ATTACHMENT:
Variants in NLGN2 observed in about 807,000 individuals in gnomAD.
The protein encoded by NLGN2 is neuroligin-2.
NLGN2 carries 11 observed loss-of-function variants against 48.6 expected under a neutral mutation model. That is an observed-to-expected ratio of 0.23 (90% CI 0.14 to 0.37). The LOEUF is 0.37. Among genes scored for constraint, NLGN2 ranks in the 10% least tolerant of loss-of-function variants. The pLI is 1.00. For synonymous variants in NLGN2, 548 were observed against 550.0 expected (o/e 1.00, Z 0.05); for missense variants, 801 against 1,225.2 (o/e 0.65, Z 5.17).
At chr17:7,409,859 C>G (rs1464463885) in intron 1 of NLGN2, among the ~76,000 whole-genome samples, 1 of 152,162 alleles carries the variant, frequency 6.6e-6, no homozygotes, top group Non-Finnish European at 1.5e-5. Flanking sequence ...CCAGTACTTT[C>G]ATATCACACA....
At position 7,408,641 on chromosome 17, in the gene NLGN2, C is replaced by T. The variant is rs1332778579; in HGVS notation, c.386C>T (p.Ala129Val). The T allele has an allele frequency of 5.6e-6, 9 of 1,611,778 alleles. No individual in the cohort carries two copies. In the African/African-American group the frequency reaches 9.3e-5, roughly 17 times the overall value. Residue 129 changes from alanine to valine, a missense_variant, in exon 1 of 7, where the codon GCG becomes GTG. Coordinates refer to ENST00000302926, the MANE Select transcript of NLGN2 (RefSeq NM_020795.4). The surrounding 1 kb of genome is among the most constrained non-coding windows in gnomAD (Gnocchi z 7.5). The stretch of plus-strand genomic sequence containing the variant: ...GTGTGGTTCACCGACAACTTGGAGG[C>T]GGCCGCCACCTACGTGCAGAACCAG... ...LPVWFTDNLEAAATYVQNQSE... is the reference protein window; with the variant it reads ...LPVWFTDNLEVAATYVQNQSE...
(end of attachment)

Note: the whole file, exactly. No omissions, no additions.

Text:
Variants in NLGN2 observed in about 807,000 individuals in gnomAD.
The protein encoded by NLGN2 is neuroligin-2.
NLGN2 carries 11 observed loss-of-function variants against 48.6 expected under a neutral mutation model. That is an observed-to-expected ratio of 0.23 (90% CI 0.14 to 0.37). The LOEUF is 0.37. Among genes scored for constraint, NLGN2 ranks in the 10% least tolerant of loss-of-function variants. The pLI is 1.00. For synonymous variants in NLGN2, 548 were observed against 550.0 expected (o/e 1.00, Z 0.05); for missense variants, 801 against 1,225.2 (o/e 0.65, Z 5.17).
At chr17:7,409,859 C>G (rs1464463885) in intron 1 of NLGN2, among the ~76,000 whole-genome samples, 1 of 152,162 alleles carries the variant, frequency 6.6e-6, no homozygotes, top group Non-Finnish European at 1.5e-5. Flanking sequence ...CCAGTACTTT[C>G]ATATCACACA....
At position 7,408,641 on chromosome 17, in the gene NLGN2, C is replaced by T. The variant is rs1332778579; in HGVS notation, c.386C>T (p.Ala129Val). The T allele has an allele frequency of 5.6e-6, 9 of 1,611,778 alleles. No individual in the cohort carries two copies. In the African/African-American group the frequency reaches 9.3e-5, roughly 17 times the overall value. Residue 129 changes from alanine to valine, a missense_variant, in exon 1 of 7, where the codon GCG becomes GTG. Coordinates refer to ENST00000302926, the MANE Select transcript of NLGN2 (RefSeq NM_020795.4). The surrounding 1 kb of genome is among the most constrained non-coding windows in gnomAD (Gnocchi z 7.5). The stretch of plus-strand genomic sequence containing the variant: ...GTGTGGTTCACCGACAACTTGGAGG[C>T]GGCCGCCACCTACGTGCAGAACCAG... ...LPVWFTDNLEAAATYVQNQSE... is the reference protein window; with the variant it reads ...LPVWFTDNLEVAATYVQNQSE...